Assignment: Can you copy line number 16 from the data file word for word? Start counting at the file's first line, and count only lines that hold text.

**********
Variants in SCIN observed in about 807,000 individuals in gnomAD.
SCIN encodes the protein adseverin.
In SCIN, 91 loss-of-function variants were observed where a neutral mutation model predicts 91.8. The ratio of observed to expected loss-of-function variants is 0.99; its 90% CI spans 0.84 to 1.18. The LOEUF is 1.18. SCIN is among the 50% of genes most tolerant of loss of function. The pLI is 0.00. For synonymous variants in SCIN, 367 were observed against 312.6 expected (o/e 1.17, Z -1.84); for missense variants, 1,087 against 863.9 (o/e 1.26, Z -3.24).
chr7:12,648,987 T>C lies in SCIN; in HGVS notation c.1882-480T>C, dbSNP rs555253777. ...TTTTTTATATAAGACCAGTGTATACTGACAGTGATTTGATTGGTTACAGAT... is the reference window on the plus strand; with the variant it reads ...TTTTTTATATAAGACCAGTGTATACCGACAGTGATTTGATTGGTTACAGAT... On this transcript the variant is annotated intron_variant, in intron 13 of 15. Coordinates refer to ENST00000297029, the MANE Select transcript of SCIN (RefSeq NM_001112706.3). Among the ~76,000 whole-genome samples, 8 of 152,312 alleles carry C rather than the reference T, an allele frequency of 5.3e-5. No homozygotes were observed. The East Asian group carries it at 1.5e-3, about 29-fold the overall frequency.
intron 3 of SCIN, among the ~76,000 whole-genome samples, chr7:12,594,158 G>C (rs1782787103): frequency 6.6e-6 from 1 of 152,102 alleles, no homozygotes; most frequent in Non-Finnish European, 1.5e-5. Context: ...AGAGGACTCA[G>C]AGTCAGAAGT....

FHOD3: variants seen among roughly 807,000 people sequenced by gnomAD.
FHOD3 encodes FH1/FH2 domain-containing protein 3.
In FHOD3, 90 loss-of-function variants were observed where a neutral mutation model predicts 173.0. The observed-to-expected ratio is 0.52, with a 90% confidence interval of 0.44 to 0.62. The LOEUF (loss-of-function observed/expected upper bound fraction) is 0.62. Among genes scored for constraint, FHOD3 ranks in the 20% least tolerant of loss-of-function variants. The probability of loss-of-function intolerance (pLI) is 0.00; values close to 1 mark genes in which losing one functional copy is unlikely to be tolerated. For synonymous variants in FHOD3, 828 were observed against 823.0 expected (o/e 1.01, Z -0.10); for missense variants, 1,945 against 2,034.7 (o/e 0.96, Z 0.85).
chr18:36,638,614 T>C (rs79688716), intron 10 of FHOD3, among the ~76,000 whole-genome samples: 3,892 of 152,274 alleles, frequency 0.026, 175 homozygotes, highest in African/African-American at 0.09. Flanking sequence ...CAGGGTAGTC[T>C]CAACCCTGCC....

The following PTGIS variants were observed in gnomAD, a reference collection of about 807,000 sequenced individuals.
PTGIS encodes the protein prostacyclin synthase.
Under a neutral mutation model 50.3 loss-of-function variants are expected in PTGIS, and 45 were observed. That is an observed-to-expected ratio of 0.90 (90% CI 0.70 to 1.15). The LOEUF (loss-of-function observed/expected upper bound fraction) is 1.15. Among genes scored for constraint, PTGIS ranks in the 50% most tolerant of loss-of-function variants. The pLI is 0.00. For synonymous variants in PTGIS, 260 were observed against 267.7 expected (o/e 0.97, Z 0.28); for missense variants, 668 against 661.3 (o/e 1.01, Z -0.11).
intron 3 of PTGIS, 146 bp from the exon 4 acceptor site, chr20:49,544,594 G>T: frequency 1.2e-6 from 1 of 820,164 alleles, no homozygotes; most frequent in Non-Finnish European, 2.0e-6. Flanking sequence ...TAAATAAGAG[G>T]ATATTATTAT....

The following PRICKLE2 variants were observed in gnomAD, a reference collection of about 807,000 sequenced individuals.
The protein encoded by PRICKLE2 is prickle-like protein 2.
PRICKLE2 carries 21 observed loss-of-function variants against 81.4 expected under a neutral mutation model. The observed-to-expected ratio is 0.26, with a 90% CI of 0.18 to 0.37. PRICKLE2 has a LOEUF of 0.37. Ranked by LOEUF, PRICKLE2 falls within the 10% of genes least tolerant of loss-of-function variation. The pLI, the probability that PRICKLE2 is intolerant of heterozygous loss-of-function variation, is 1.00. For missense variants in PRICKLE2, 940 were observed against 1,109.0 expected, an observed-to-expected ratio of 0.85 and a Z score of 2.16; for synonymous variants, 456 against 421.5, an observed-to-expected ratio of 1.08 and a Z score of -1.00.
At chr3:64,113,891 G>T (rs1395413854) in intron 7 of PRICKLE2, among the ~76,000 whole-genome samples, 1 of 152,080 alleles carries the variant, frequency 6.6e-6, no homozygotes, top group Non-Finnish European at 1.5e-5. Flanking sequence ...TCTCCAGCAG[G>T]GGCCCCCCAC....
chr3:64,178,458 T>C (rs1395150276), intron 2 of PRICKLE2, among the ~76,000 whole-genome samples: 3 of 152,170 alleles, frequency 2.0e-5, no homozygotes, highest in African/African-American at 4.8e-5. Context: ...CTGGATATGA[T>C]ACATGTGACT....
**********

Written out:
PRICKLE2 carries 21 observed loss-of-function variants against 81.4 expected under a neutral mutation model. The observed-to-expected ratio is 0.26, with a 90% CI of 0.18 to 0.37. PRICKLE2 has a LOEUF of 0.37. Ranked by LOEUF, PRICKLE2 falls within the 10% of genes least tolerant of loss-of-function variation. The pLI, the probability that PRICKLE2 is intolerant of heterozygous loss-of-function variation, is 1.00. For missense variants in PRICKLE2, 940 were observed against 1,109.0 expected, an observed-to-expected ratio of 0.85 and a Z score of 2.16; for synonymous variants, 456 against 421.5, an observed-to-expected ratio of 1.08 and a Z score of -1.00.